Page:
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Simple question, I was wondering, what in 2011 is the right way to size html tables? (containing tabular data, of course!)

Should the following still be the way to go?

<tr>
    <th width="45%">Name</th>
    <th width="10%">Author</th>
    <th width="20%">Description</th>
    <th width="10%">Rating</th>
    <th width="15%">Download</th>
</tr>

Or would it be better to give each column an ID (or class) and set its width with CSS?

Thank you for your input!

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1  
Yes, I would give each one a class and then.. well, you already pointed it yourself. –  Flack Jan 5 '11 at 15:39
    
@Flack class works, or ID might be better if the <th> was unique. –  JakeParis Jan 5 '11 at 15:42
    
Why? Because then you don't have to type all 5 characters in "class" ! –  JakeParis Jan 5 '11 at 15:43
    
@JMC Creative, you have a really perverted mind :) –  Flack Jan 5 '11 at 15:53
    
@Flack $perverted = 'extremely brilliant'; Thanks! –  JakeParis Jan 5 '11 at 15:57
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4 Answers

up vote 3 down vote accepted

I've taken to using colgroup and col tags, like this:

<table>
    <colgroup>
        <col width="45%"></col>
        <col width="10%"></col>
        <col width="20%"></col>
        <col width="10%"></col>
        <col width="15%"></col>
    </colgroup>
    <thead>
        <tr>
            <th>Name</th>
            <th>Author</th>
            <th>Description</th>
            <th>Rating</th>
            <th>Download</th>
        </tr>
    </thead>
    <tbody>
        <tr>
            <td></td>
            <td></td>
            <td></td>
            <td></td>
            <td></td>
        </tr>
    </tbody>
</table>
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Your solution, while similar to Carles', seem to set the width directly in the code rather than to having to spawn a heap of css classes for setting different column widths. Now, how right is that? (Which basically is my original question) I mean, technically it is setting presentation directly from the code (which is bad), but at the same time, its sole purpose is to organize content. (i.e. give columns the good width) That's where I get confused a little. –  Mathieu M-Gosselin Jan 5 '11 at 15:56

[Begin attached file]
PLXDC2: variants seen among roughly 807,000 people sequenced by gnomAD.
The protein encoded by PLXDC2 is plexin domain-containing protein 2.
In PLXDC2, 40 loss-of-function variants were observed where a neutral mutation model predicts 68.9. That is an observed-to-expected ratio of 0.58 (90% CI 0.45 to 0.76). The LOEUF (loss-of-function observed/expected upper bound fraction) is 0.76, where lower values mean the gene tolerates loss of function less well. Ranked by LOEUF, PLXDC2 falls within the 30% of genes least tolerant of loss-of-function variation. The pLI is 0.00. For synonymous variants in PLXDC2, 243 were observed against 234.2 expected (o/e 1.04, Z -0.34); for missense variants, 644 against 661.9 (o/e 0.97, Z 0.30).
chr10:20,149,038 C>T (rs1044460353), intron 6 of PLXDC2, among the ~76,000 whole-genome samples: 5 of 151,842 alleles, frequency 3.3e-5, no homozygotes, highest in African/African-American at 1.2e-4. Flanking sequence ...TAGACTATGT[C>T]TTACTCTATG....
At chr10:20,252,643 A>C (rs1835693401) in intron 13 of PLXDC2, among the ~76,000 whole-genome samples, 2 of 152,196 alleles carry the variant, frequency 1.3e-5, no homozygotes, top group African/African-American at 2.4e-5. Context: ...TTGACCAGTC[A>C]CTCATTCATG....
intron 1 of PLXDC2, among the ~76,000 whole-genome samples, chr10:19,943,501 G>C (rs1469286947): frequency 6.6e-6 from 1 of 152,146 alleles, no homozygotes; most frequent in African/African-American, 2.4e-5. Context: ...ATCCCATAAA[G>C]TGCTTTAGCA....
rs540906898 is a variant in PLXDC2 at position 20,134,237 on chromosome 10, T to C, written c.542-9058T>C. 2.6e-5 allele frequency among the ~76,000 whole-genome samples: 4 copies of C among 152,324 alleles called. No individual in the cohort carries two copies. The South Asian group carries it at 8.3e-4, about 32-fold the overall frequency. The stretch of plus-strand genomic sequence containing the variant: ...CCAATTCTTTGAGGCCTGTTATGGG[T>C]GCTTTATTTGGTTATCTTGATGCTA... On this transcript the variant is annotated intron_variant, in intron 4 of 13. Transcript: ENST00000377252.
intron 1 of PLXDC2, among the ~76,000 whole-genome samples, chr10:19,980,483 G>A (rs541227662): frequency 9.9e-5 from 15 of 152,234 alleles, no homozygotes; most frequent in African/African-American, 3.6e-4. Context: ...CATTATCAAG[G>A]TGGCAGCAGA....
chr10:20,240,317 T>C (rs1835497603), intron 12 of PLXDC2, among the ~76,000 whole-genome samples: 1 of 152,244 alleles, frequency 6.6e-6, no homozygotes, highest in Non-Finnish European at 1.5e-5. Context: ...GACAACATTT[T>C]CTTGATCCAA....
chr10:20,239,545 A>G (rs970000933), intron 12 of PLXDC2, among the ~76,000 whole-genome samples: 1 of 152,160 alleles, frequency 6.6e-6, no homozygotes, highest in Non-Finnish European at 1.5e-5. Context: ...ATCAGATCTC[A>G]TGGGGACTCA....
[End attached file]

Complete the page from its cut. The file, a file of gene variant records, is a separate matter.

I don't believe in "the semantic web" or "Web X.0" in general, so it's never bothered me. I also don't do XHTML. –  Mark Jan 5 '11 at 15:58
    
I believe in separating markup, presentation and behavior on the client side, that's why I was wondering about that. –  Mathieu M-Gosselin Jan 5 '11 at 16:03
    
"Separate" is a really gray area. It all comes over HTTP, and it may have been "separate" on the server, and assembled for delivery. Where do you draw the line, and call one side "separated" and one side "not separated"? In the end, why does it matter? –  Mark Jan 5 '11 at 16:23
    
I meant that all behavior is a layer added on top of the "basic" site (and all contained within .js files) and so is presentation (all contained within .css files). The site can work without either (or both) enabled. That is where I would draw the line regarding content/presentation/behavior separation. That being said, I think I will go with your solution (though the W3C standard seems to indicate that width is the right attribute, not widcol) because here width="something" is used to manipulate content display for readability and not solely for presentation. –  Mathieu M-Gosselin Jan 5 '11 at 16:31
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You can use col or colgroup for that purpose.

<table>
  <col class="x"/>
  <col class="y"/>
  <col class="z"/>
  <tr>
    <th>ISBN</th>
    <th>Title</th>
    <th>Price</th>
  </tr>
  <tr>
    <td>3476896</td>
    <td>My first HTML</td>
    <td>$53</td>
  </tr>
</table>

...and apply styles to the classes:

col.x {
   ...
}
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1  
+1 colgroups are great - and there are so many people out there who've never heard of it. –  oezi Jan 5 '11 at 15:42
    
+1. I always forget about them :( –  Flack Jan 5 '11 at 15:59
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In 2011? From about 2000 onwards it was the better approach to use class-names and CSS styles to give table-cells their width.

Unless they're all the same width, in which case just use:

th /* or td */ {
    width: 20%;
}

You could, conceivably, use nth-child too:

tr th:nth-child(1) {
    /* styles the first th of the tr */
}

JS Fiddle demo, using nth-child() css.

share|improve this answer
    
Better late than never. –  JakeParis Jan 5 '11 at 15:44
    
Amongst all the suggestions, the best to me seem to be colgroups or the nth-child. My concern is: how well is nth-child supported in modern browsers? (Does IE even support it? If it does, from what version?) –  Mathieu M-Gosselin Jan 5 '11 at 15:51
1  
Does IE even support it? ...hahahahaha...! Sorry. cough Here's Quirksmode's compatibility table, showing IE9 support, but not earlier. –  David Thomas Jan 5 '11 at 15:58
    
Thank you for the information. Sadly, it means I'll have to drop the nth-child alternative. :( –  Mathieu M-Gosselin Jan 5 '11 at 16:11
    
@Mathieu, no worries; one day IE'll catch up. ...probably. ...maybe. ...possibly. @JMC Creative, absolutely. –  David Thomas Jan 5 '11 at 16:36
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My personal preference is to use the width attribute on column tags.

<table>
    <col width="15%"></col>
    <col width="20%"></col>
    ...etc...

It keeps the presentation part out of the table content, so to speak.

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